David Ortiz made some waves this spring by advocating again for the acquisition of a big bat to hit behind him in the lineup — under the theory that without a Manny Ramirez-esque bat protecting him, he will receive no pitches to hit.
- Batting 1st: 1 for 3
- Batting 2nd: 2 for 2, 2B, 2 RBI
- Batting 4th: .289/.383/.580, 25 HR in 402 PA
- Batting 5th: .285/.375/.596, 25 HR in 416 PA
- Batting 6th: .288/.315/.538, 3 HR in 54 PA
- Batting 7th: .312/.353/.562, 1 HR in 17 PA
- Batting 8th: 1 for 2, HR, RBI
- Batting 9th: 0 for 10, 1 BB
Over 907 plate appearances, that's a total line of:
- .286/.368/.582, 55 HR, 172 RBI, 108 BB, 157 K
Ortiz isn't asked to pinch hit much because he's rarely out of the lineup, and most of these at bats took place in 2003 and 2004, when he was still coming into his own. So we would expect the line to not be the .300/.400/.600 we were used to seeing from 2005-07. Anyway, so far it looks like Ortiz was pretty good without Manny's protection. But that was five and six years ago, when Ortiz was still a surprise to everyone on the planet. What about those times since then, when Ortiz has been among the most feared hitters in the game and pitchers would have incentive to pitch around him without a Hall of Fame slugger behind him?
- 2003: Zero games
- 2004: Four games in July.
- 2005: 11 games scattered throughout the season.
- 2006: Four games through August, then the final 19 games of the season.
- 2007: Eight games through August, then the final 27 games of the season.
- 2008: Six games through July, then the final 49 games of the season.
Many of these plate appearances have very small sample sizes, but beginning in 2006, as Manny's knees began acting up (or not), and finally culminating with the July 31 trade to LA, Ortiz was given more and more time with a variety of non-Mannian bats to protect him.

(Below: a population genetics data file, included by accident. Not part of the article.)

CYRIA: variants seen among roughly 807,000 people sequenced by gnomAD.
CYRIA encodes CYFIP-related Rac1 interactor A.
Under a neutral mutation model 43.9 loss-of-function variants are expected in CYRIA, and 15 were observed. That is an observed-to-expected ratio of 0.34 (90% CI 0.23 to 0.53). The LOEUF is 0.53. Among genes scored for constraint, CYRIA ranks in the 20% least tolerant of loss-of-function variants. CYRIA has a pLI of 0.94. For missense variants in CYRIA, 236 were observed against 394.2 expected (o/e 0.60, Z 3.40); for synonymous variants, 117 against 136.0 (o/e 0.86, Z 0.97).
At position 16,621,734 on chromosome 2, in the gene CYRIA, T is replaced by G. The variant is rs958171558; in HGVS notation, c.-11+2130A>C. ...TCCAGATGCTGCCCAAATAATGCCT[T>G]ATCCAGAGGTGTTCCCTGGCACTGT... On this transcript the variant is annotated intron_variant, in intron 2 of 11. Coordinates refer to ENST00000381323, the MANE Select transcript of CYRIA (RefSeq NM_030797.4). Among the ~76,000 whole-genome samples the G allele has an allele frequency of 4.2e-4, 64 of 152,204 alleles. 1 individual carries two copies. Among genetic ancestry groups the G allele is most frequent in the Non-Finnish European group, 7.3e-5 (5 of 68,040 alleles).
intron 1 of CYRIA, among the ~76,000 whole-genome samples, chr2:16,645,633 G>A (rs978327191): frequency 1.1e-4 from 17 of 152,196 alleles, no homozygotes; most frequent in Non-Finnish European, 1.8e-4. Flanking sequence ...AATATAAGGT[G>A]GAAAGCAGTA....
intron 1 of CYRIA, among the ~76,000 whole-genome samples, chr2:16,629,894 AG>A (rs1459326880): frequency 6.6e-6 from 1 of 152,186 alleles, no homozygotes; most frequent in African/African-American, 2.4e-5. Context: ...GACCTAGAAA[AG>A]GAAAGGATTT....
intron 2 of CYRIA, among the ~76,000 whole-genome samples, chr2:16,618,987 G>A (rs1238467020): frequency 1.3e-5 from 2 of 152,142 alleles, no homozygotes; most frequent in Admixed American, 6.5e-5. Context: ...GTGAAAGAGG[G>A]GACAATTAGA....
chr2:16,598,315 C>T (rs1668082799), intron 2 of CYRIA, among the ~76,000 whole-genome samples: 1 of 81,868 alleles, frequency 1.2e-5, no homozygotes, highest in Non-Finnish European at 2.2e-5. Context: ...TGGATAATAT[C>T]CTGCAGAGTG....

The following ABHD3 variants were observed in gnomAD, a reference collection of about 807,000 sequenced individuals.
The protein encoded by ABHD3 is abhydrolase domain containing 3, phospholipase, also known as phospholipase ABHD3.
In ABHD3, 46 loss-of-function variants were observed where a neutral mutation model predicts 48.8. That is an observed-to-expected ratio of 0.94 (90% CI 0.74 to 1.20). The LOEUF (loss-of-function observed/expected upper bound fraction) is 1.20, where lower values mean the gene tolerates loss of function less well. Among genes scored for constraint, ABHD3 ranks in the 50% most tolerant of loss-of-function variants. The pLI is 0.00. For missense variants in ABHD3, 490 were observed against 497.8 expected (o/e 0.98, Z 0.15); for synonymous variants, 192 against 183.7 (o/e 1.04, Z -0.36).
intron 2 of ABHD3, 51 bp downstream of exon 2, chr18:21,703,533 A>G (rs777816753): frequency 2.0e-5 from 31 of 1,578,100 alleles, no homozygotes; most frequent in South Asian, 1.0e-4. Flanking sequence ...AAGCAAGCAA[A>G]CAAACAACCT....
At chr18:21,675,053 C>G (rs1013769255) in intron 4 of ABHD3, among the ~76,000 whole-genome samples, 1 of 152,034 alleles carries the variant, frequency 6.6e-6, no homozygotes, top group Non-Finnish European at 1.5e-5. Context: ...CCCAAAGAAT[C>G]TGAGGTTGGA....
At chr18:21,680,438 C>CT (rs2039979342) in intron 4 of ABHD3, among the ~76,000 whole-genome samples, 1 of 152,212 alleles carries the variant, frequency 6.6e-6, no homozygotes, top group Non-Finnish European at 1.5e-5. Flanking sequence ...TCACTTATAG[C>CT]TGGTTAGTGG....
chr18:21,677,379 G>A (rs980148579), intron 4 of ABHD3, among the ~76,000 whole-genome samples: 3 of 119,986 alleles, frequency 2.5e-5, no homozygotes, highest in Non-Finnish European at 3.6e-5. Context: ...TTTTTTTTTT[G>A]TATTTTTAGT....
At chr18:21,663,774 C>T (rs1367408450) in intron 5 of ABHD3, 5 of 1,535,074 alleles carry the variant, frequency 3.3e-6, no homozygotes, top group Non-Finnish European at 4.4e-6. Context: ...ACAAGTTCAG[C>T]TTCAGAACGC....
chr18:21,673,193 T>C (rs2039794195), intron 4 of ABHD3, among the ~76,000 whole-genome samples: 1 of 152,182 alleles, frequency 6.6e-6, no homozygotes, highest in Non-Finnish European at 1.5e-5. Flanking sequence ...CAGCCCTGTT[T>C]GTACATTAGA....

- In 2006, capping his historic 54-homer season, Ortiz hit .304/.524/.732 during the 19 games Ramirez was shelved.
- In 2007, capping his best season by OPS+, Ortiz hit .394/.521/.840 during the 27 games he appeared without Manny, including 22 extra-base hits and 28 RBI to go with 25 walks (only five intentional).
- In 2008, capping a much more frustrating season marred by injuries, Ortiz still hit .262/.381/.519 in the final 49 games, good for a .900 OPS that topped his season-long OPS of .876.
So in six years, Ortiz has batted third without Ramirez behind him 568 times. The line:
- .313/.456/.651, 35 HR, 109 RBI, 120 BB, 78 K
Ortiz clearly walked more without Manny (12 more walks in 350 fewer appearances), but he also was a more feared hitter in general from 2006 forward, when he appeared without Manny with greater and greater frequency. His walk rate jumped in 2005 and has stayed stratospheric, and that obviously contributes to at least some of the additional walks we see here.
- .296/.402/.607, 355 G, 1,475 PA, 90 HR, 281 RBI, 228 BB, 235 K
Versus his entire career in a Red Sox uniform:
- .297/.398/.598, 846 G, 3,735 PA, 231 HR, 731 RBI, 535 BB, 634 K
Versus his appearances with Ramirez behind him:
- .297/.388/.592, 491 G, 2,260 PA, 141 HR, 450 RBI, 307 BB, 399 K
Surprised? I know I was. Expecting to see little to no difference between Ortiz's lines with and without Manny, I wasn't prepared to see that Ortiz has posted an OPS nearly 30 points higher when Ramirez wasn't protecting him.
- With Manny: 16.0 PA/HR, 5.0 PA/RBI, 7.4 PA/BB, 5.7 PA/K
- Without him: 16.4 PA/HR, 5.2 PA/RBI, 6.5 PA/BB, 6.3 PA/K
The conclusion: Ortiz has walked quite a bit more without Manny behind him, but he also has struck out less and hit home runs at basically the same rate (roughly one home run difference over a 600-PA season).